The Anopheline mosquito midgut-specific alanyl aminopeptidase N (AnAPN1) is a luminal midgut surface protein involved in blood meal digestion. At present, AnAPN1 is the only TBV candidate which blocked parasite transmission of P. falciparum and P. vivax in different Anopheles species. Working with a mosquito protein further reduces the risk that the parasite could develop resistance against the intervention, potentially allowing for a long-term use of the vaccine under eradication settings. AnAPN1 has extensively been studied in transmission blocking experiments, where the protein induced very high titers in immunized animals. Antibodies elicited against specific epitopes of AnAPN1 completely reduced parasite development in the mosquito. Detailed analysis of the protein structure and consecutive mapping of epitope domains identified different antigenic regions within the full-length protein, out of which only one domain is required for blocking transmission. Since any TBV will require very high antibody titers within the vaccinated individuals to be effective, it is mandatory to develop well-defined antigens comprising only the domain required for transmission blocking activity, while avoiding the triggering of an immune response against regions that do not contribute to transmission blocking activity. In a joint effort by the University of Florida and CellFree Sciences Co., Ltd., the project aims to accelerate AnAPN1 vaccine development by selecting the most promising antigen domain within AnAPN1. Different epitopes on AnAPN1 will be expressed along with control proteins in a wheat germ cell-free protein expression system, a proven strategy for the rapid production of soluble proteins to screen for multiple antigens. The antigens will be tested in mice in combination with different FDA-approved adjuvants to reach durable and very high antibody titers against the critical TBV epitopes on AnAPN1. Antibodies obtained from these mice will be fully evaluated using a set of functional immunological and biological in vivo assays established at the University of Florida along with additional studies to validate epitope conformation. Hopefully, these experiments will potentiate the induction of functional antibodies in the animals through an optimal antigen/adjuvant combination. By comparing the new AnAPN1 immunogens to the well-characterized AnAPN1 control proteins used in previous studies, we anticipate proceeding to preclinical evaluation of up to two superior AnAPN1 constructs to support the clinical development of an AnAPN1 derived TBV.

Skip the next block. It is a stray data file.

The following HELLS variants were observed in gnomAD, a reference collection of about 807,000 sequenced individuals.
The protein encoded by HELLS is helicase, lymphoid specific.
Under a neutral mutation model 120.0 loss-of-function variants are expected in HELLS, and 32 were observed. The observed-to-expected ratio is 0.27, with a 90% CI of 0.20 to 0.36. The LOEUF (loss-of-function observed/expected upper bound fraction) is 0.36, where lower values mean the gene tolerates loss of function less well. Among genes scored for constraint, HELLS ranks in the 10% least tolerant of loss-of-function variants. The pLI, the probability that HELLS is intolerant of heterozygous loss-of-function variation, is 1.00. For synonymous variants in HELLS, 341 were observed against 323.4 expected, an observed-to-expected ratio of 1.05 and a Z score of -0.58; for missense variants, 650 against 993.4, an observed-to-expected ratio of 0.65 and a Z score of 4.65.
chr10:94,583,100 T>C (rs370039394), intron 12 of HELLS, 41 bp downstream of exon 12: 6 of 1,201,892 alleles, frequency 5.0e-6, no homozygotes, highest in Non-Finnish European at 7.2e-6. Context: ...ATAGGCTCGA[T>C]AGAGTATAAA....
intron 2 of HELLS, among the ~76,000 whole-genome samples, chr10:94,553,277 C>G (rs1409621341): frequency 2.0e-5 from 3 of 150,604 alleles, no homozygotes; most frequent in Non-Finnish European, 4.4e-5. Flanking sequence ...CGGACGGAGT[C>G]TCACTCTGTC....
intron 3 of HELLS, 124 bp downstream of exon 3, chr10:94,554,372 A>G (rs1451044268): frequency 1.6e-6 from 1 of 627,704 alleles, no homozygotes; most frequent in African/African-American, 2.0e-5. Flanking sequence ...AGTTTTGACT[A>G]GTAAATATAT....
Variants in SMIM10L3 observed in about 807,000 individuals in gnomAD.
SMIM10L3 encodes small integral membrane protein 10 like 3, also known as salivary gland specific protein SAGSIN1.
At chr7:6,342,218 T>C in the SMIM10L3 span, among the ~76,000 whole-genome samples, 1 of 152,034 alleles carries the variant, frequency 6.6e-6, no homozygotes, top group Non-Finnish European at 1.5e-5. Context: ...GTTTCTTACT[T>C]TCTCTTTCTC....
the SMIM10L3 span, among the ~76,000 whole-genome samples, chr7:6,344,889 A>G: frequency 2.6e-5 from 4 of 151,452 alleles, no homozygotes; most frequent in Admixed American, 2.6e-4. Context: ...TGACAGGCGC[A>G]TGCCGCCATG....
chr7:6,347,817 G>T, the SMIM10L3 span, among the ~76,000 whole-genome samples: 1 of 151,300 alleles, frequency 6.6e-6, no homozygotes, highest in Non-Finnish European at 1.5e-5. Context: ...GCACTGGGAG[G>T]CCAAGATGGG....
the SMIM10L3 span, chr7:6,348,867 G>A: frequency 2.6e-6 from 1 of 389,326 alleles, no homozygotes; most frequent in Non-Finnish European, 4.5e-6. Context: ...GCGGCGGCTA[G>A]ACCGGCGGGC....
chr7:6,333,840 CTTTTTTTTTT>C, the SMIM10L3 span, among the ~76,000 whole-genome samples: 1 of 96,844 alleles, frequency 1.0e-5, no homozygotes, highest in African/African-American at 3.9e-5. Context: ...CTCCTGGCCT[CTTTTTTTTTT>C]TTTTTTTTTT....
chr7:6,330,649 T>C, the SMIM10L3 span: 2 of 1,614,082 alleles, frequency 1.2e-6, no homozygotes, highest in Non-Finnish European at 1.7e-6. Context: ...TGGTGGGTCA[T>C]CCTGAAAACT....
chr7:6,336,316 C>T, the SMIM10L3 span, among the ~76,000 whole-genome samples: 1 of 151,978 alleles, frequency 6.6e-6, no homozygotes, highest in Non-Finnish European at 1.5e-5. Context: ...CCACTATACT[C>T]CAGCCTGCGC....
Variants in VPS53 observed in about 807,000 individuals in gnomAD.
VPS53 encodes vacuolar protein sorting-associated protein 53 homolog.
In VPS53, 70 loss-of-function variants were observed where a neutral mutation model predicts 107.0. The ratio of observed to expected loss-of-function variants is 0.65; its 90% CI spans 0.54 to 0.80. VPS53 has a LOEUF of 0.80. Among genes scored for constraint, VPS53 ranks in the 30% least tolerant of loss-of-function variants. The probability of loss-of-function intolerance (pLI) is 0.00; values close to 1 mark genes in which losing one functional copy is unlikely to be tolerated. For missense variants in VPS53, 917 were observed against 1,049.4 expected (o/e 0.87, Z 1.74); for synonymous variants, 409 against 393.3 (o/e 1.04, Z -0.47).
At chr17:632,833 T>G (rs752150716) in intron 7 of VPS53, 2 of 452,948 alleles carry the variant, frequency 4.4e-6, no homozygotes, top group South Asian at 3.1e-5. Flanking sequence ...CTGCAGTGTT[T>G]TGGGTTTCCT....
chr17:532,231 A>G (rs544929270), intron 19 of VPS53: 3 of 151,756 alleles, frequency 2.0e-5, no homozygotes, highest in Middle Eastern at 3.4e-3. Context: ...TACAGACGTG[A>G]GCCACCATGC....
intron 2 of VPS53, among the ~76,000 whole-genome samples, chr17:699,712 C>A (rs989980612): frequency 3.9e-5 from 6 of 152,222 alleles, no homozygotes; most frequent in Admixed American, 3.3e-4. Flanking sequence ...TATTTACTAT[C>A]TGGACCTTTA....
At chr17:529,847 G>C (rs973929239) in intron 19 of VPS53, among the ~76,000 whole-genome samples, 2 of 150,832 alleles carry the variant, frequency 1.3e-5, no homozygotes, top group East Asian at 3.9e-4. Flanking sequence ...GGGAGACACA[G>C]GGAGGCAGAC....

How can your partnership (project) address global health challenges?